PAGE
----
- Independent application – The internalised pattern and language of the original text and experience of altering the text as within the innovation stage, provides the children with the experience and confidence of creating their own masterpiece. This final stage encourages children to plan their own piece of writing by creating their own text maps before applying it to written work.
3) Individual Reading
In line with the school motto, ‘Opening Doors, Enriching Lives’, we believe that reading is a life-enriching pleasure established in childhood. J.K. Rowling sums it up perfectly above and we achieve this through:
Upper and School have well-stocked, attractive, heavily-used libraries with a range of fiction and non-fiction texts.
Children are encouraged to read at school and at home. We ask that parents read with or listen to their children read at least 3 times a week, discuss their texts and record this in their organiser.
Here are some good questions for parents to ask:
Bug Club in EY and KS1
Throughout EY and KS1, children will have access to Bug Club books which will support their development in phonics and reading. As well as this, children will have individual logins allowing them to access reading resources at home. These interactive resources provide questions for the children to answer to support their understanding of the text.
Accelerated Reader (A.R.) in KS2
To help develop and encourage reading across Key Stage 2, children access Accelerated Reader (which involves reading levelled texts then completing a comprehension quiz). Children who show effort in their reading then help to select new resources for the school library through a visit to Waterstones; they also encourage other readers through the sharing of book reviews.
The children in years 3 – 6 all regularly borrow books from the library, take quizzes on them and progress through the reading scheme.
The school’s Accelerated Reader site can be found here.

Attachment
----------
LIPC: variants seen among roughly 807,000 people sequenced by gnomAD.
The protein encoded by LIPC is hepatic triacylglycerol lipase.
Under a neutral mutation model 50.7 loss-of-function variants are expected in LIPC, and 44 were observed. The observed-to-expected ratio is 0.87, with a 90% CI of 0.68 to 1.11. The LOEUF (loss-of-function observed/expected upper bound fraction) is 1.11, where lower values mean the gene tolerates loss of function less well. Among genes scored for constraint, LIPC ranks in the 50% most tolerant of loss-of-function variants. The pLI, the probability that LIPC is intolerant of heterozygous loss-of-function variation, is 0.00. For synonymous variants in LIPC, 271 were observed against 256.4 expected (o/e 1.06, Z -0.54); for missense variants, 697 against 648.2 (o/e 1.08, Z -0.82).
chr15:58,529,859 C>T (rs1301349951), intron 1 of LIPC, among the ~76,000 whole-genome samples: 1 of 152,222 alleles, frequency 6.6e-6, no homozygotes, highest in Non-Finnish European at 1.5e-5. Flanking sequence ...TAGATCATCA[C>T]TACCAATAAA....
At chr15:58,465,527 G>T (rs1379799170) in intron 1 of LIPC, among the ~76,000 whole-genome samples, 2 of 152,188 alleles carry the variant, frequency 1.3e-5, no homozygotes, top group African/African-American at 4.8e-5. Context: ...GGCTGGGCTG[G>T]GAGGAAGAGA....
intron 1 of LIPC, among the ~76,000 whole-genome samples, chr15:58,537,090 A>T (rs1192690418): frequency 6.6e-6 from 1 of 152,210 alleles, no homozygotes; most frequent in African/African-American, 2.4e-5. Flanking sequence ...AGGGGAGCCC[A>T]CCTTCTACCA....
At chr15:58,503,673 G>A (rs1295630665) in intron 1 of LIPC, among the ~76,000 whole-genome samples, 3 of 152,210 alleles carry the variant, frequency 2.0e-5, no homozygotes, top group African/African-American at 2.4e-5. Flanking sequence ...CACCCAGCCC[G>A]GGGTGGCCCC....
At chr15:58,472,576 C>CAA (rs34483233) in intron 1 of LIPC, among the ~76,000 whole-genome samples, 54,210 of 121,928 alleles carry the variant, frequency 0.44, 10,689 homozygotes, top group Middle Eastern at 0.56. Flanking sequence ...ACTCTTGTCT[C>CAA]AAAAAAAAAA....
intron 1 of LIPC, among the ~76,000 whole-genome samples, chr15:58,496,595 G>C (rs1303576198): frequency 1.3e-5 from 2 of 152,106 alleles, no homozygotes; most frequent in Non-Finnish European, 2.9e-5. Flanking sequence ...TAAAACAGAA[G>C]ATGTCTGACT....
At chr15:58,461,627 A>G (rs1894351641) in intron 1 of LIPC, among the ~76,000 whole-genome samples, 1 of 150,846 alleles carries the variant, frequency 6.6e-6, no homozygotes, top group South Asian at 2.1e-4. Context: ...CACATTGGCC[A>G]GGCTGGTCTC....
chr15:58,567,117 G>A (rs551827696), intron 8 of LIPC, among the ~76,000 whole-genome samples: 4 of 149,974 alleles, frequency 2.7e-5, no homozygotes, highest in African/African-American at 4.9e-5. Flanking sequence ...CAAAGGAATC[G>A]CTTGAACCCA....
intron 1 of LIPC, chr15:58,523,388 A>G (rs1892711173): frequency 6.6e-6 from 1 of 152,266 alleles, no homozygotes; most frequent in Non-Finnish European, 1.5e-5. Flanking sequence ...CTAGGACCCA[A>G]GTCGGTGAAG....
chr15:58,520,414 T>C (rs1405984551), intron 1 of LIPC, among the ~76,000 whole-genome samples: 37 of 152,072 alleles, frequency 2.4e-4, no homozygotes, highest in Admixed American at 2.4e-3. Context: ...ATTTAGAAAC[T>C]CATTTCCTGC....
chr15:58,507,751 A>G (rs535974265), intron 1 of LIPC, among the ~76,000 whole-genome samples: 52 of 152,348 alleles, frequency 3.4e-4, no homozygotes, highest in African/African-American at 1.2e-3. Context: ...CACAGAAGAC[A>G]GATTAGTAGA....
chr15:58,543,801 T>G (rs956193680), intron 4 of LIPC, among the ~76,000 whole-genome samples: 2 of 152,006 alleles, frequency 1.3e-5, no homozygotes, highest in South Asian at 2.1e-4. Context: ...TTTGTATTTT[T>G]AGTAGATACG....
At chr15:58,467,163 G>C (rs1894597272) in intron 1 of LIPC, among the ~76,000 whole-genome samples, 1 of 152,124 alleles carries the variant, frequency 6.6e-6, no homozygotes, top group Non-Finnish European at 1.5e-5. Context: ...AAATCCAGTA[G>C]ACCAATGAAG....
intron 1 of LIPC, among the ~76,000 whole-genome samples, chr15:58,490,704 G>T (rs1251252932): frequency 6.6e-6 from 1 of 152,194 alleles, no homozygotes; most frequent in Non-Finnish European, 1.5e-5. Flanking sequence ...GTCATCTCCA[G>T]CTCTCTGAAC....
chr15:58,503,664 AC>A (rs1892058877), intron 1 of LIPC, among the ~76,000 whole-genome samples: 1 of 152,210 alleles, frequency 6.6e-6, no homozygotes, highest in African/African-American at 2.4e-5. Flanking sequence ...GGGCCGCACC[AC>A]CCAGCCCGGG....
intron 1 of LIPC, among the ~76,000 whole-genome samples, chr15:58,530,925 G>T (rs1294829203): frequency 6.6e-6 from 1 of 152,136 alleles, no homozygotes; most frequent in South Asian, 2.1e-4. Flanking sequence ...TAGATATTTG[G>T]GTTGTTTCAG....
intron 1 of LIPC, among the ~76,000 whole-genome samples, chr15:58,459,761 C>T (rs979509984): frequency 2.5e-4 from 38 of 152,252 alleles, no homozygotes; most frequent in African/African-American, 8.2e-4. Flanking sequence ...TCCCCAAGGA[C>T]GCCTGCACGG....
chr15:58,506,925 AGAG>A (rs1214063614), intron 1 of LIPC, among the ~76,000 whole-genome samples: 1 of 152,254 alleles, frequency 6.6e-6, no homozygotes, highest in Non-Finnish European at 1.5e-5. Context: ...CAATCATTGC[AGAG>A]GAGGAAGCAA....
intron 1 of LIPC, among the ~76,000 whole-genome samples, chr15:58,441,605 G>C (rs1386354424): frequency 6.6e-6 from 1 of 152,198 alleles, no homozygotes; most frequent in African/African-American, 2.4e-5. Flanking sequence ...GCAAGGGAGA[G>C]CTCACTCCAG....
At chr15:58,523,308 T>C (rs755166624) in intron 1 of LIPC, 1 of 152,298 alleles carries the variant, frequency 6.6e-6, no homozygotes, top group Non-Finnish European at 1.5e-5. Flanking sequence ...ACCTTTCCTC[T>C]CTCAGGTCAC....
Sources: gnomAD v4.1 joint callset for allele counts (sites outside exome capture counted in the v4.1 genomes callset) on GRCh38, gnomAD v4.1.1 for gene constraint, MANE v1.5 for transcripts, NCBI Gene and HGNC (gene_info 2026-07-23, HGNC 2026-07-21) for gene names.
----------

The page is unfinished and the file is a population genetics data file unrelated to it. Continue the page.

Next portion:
The A.R. Process explained for parents
- The children all take a reading test to determine their reading level at the beginning of each year. This is recorded in the child’s organiser.
- They are then given a ‘reading range’ and this tells them the area of the library that they can borrow books from. Example Range: 3.1 – 4.2. These numbers are sometimes called the Book Level. A useful site is: http://www.arbookfind.co.uk/UserType.aspx where you can browse for books and their Book Level (marked as BL). The range given is matched to their reading ability so that they choose books that they can read comfortably (at the lower end of the range) or provide more of a challenge (at the top of the range).
- Once they have finished a book, children do a quiz on it on the AR website: https://ukhosted27.renlearn.co.uk/2235628 .When they are regularly passing quizzes for the level they are on, the teacher gives them permission to move up a level
- Recognition assemblies are used to recognise the effort made by individuals and classes. At the end of the term, teachers choose children who have made particular effort to visit Waterstones and select books for the class library.
We place a high emphasis on reading at the school and want to children to love books!
Special Educational Needs and Disabilities (SEND)
At Tanfield Lea Community Primary School, we believe that inclusive education means providing all pupils with appropriate education and support alongside their peers. The Curriculum is all the planned activities that the school organises in order to promote learning, personal growth and development. Further information can be found in the SEN Information Report. If you would like to discuss your SEND requirements in detail please contact the school to arrange an appointment.